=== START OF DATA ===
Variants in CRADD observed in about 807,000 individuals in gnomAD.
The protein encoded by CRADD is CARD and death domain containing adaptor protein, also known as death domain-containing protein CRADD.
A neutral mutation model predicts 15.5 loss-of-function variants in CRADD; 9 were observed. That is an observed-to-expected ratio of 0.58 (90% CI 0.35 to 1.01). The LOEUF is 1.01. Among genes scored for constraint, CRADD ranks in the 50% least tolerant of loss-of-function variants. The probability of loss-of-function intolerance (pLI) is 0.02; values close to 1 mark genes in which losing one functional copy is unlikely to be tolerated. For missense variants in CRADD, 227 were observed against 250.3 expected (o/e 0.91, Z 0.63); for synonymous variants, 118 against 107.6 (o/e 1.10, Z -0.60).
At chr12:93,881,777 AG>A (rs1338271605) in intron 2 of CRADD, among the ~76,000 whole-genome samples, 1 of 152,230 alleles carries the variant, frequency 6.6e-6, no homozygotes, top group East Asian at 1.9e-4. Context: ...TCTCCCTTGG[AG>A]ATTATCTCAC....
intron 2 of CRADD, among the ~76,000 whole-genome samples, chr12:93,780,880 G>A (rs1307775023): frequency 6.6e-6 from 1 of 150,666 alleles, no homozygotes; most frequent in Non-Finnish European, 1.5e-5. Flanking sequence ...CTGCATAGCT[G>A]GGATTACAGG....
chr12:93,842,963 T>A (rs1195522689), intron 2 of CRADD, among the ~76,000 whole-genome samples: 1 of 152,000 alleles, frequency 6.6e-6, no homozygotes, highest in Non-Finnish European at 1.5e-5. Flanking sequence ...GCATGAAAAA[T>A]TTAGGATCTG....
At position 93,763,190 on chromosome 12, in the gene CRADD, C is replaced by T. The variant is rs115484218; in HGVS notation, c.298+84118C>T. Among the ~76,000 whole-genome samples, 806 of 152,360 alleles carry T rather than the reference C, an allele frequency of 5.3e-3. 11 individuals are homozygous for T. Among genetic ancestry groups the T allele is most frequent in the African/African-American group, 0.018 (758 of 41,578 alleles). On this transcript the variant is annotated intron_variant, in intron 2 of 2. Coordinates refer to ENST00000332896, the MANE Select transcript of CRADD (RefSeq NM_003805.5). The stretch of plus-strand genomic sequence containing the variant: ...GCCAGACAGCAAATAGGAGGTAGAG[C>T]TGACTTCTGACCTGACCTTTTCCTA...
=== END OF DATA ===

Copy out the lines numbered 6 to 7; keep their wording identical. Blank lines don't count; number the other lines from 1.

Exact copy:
chr12:93,842,963 T>A (rs1195522689), intron 2 of CRADD, among the ~76,000 whole-genome samples: 1 of 152,000 alleles, frequency 6.6e-6, no homozygotes, highest in Non-Finnish European at 1.5e-5. Flanking sequence ...GCATGAAAAA[T>A]TTAGGATCTG....
At position 93,763,190 on chromosome 12, in the gene CRADD, C is replaced by T. The variant is rs115484218; in HGVS notation, c.298+84118C>T. Among the ~76,000 whole-genome samples, 806 of 152,360 alleles carry T rather than the reference C, an allele frequency of 5.3e-3. 11 individuals are homozygous for T. Among genetic ancestry groups the T allele is most frequent in the African/African-American group, 0.018 (758 of 41,578 alleles). On this transcript the variant is annotated intron_variant, in intron 2 of 2. Coordinates refer to ENST00000332896, the MANE Select transcript of CRADD (RefSeq NM_003805.5). The stretch of plus-strand genomic sequence containing the variant: ...GCCAGACAGCAAATAGGAGGTAGAG[C>T]TGACTTCTGACCTGACCTTTTCCTA...